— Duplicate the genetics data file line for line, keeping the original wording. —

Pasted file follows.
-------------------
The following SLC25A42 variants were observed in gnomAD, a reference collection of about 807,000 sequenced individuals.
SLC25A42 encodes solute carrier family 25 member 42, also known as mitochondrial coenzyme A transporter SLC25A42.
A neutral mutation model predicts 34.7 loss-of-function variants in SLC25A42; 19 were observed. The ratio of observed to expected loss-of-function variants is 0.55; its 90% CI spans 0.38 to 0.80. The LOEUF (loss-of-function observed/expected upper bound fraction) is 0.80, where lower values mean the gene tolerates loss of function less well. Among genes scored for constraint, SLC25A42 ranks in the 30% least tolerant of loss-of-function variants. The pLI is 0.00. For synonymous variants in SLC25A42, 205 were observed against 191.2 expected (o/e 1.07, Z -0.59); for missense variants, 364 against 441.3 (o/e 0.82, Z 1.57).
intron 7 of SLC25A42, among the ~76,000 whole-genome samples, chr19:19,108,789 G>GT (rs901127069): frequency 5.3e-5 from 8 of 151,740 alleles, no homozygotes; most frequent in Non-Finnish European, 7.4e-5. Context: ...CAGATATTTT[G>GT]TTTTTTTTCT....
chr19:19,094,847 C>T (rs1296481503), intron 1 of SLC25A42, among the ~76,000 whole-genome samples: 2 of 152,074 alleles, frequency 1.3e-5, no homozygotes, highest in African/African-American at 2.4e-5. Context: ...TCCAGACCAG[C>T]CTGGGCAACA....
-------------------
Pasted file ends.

The following SLC25A42 variants were observed in gnomAD, a reference collection of about 807,000 sequenced individuals.
SLC25A42 encodes solute carrier family 25 member 42, also known as mitochondrial coenzyme A transporter SLC25A42.
A neutral mutation model predicts 34.7 loss-of-function variants in SLC25A42; 19 were observed. The ratio of observed to expected loss-of-function variants is 0.55; its 90% CI spans 0.38 to 0.80. The LOEUF (loss-of-function observed/expected upper bound fraction) is 0.80, where lower values mean the gene tolerates loss of function less well. Among genes scored for constraint, SLC25A42 ranks in the 30% least tolerant of loss-of-function variants. The pLI is 0.00. For synonymous variants in SLC25A42, 205 were observed against 191.2 expected (o/e 1.07, Z -0.59); for missense variants, 364 against 441.3 (o/e 0.82, Z 1.57).
intron 7 of SLC25A42, among the ~76,000 whole-genome samples, chr19:19,108,789 G>GT (rs901127069): frequency 5.3e-5 from 8 of 151,740 alleles, no homozygotes; most frequent in Non-Finnish European, 7.4e-5. Context: ...CAGATATTTT[G>GT]TTTTTTTTCT....
chr19:19,094,847 C>T (rs1296481503), intron 1 of SLC25A42, among the ~76,000 whole-genome samples: 2 of 152,074 alleles, frequency 1.3e-5, no homozygotes, highest in African/African-American at 2.4e-5. Context: ...TCCAGACCAG[C>T]CTGGGCAACA....